Tesla CEO Elon Musk wants to hire some artificial intelligence (A.I.) researchers—and he says he doesn’t care if they actually have degrees.
Earlier this week, Musk Tweeted: “Join AI at Tesla! It reports directly to me & we meet/email/text almost every day. My actions, not just words, show how critically I view (benign) AI.” The accompanying link led to a page for Tesla’s autopilot projects, which include a combination of hardware (chips that power A.I. software) and software (neural networks, autonomy algorithms, and more) initiatives.
“At Tesla, using AI to solve self-driving isn’t just icing on the cake, it the cake” – @lexfridman— Elon Musk (@elonmusk) February 2, 2020
Join AI at Tesla! It reports directly to me & we meet/email/text almost every day. My actions, not just words, show how critically I view (benign) AI.https://t.co/iF97zvYZRz
In a subsequent Tweet, he added: “Educational background is irrelevant, but all must pass hardcore coding test.” That message also included a list of the programming languages utilized at Tesla, including Python:
Our NN is initially in Python for rapid iteration, then converted to C++/C/raw metal driver code for speed (important!). Also, tons of C++/C engineers needed for vehicle control & entire rest of car. Educational background is irrelevant, but all must pass hardcore coding test.— Elon Musk (@elonmusk) February 3, 2020
In a response to another Twitter user, Musk clarified that educational aspect. “A PhD is definitely not required,” he wrote. “All that matters is a deep understanding of AI & ability to implement NNs in a way that is actually useful (latter point is what’s truly hard). Don’t care if you even graduated high school.”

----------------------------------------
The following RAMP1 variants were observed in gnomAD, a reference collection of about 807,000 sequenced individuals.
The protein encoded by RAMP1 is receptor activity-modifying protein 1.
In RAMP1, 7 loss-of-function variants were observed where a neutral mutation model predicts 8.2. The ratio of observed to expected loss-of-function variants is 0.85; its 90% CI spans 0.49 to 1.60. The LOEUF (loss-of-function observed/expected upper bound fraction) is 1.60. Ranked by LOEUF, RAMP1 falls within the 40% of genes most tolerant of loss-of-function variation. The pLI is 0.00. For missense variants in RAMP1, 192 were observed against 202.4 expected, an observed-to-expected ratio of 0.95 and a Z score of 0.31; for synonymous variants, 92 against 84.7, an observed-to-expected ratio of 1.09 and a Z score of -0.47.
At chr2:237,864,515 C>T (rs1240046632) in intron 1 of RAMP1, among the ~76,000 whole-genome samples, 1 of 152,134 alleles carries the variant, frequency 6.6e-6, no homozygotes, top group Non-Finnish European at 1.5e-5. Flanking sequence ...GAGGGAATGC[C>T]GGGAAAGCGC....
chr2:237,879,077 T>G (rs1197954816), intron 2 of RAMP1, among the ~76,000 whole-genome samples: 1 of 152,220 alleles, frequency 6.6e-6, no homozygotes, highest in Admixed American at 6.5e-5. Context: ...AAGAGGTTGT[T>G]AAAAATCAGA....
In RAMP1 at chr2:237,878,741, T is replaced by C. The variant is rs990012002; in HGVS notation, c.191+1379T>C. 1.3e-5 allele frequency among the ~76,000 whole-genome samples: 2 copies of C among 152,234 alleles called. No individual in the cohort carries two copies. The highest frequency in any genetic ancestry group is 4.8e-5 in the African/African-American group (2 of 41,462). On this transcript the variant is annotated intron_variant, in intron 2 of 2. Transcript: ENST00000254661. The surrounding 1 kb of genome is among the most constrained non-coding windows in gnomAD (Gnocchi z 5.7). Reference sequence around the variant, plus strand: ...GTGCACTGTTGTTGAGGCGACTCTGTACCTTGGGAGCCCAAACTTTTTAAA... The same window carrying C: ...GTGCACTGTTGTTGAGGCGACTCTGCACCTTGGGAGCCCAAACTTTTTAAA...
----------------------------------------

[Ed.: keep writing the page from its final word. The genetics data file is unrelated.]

Musk is infamous for maintaining a workaholic schedule as the CEO of two companies (in addition to Tesla, he also heads SpaceX), and so a job that requires constant communication with him might not suit all employees, unless you really enjoy a constant stream of emails and phone calls at 3 A.M.
That aside, Musk and Tesla seem to be following a broader trend in the tech industry. The heads of IBM, Apple, and other companies have taken pains in public interviews to emphasize that they often hire for skills, not educational pedigree. “We’ve looked at the — sort of, the mismatch between the skills that are coming out of colleges and what the skills are that we believe we need in the future,” Apple CEO Tim Cook told the audience at an American Workforce Policy Advisory Board Meeting in early 2019, “we’ve identified coding as a very key one.”
Even if you don’t need a degree to land a gig, though, you absolutely need the right mix of skills. Fortunately, when it comes to autonomous driving, there are some courses online that can introduce you to the skill-sets necessary. These include Udacity’s a self-driving car engineer nanodegree (Udemy and Coursera have similar coursework). For a very deep dive, MIT has videos and slides from its “Deep Learning for Self-Driving Cars” coursework available for your perusal.
And of course, no autonomous-driving education is complete without learning everything possible about artificial intelligence (A.I.), machine learning, and computer vision. If you want a solid intro to machine learning, Google has a (free) course with 25 lessons and more than 40 exercises, which you can finish in roughly 15 hours (and features lots of interesting video). For those who already have some knowledge of machine learning, and deep familiarity with math, there’s also Bloomberg’s Foundations of Machine Learning.
If you actually apply for a job as an autonomous-driving engineer at Tesla, you’ll have to endure that intense testing regimen that Musk mentioned in his Tweet. Before heading into any tech-related job interview, it’s always a good practice to brush up on your coding skills.